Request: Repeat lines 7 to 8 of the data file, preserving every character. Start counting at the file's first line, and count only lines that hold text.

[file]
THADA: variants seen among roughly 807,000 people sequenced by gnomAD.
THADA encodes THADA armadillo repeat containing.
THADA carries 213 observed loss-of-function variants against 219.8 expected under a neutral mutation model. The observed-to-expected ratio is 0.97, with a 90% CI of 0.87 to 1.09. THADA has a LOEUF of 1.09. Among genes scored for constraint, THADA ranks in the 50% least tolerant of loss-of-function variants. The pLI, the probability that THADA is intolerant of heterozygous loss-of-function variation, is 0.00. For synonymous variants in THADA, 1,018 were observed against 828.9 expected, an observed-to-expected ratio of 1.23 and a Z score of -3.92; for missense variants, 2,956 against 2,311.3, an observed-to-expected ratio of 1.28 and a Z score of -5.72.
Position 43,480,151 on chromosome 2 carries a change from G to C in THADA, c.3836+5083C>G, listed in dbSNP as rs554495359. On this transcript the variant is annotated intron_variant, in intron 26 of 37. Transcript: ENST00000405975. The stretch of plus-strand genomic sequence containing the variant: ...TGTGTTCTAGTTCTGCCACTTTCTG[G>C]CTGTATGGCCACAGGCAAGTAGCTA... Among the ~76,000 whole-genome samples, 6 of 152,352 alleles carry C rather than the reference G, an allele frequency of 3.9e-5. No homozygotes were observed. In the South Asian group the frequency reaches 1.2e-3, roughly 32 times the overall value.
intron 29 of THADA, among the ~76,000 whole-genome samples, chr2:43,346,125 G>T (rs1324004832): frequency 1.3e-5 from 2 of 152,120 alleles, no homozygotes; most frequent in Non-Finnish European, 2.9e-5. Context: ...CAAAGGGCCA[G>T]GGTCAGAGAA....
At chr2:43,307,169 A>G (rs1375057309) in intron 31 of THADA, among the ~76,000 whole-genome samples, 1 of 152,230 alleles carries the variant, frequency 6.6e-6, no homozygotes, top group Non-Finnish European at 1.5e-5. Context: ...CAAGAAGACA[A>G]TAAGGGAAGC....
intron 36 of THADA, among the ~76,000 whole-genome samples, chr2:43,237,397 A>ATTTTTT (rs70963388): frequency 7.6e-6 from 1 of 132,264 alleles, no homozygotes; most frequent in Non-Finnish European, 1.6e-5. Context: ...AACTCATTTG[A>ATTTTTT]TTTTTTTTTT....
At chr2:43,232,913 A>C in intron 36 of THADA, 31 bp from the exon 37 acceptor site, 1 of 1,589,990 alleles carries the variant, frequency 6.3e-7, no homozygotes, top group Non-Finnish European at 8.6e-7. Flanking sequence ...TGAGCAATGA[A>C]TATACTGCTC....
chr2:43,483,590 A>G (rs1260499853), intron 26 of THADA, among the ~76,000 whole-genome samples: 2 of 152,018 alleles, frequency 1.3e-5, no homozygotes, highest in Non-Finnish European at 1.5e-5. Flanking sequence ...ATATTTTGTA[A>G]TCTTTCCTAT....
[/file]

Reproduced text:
intron 36 of THADA, among the ~76,000 whole-genome samples, chr2:43,237,397 A>ATTTTTT (rs70963388): frequency 7.6e-6 from 1 of 132,264 alleles, no homozygotes; most frequent in Non-Finnish European, 1.6e-5. Context: ...AACTCATTTG[A>ATTTTTT]TTTTTTTTTT....
At chr2:43,232,913 A>C in intron 36 of THADA, 31 bp from the exon 37 acceptor site, 1 of 1,589,990 alleles carries the variant, frequency 6.3e-7, no homozygotes, top group Non-Finnish European at 8.6e-7. Flanking sequence ...TGAGCAATGA[A>C]TATACTGCTC....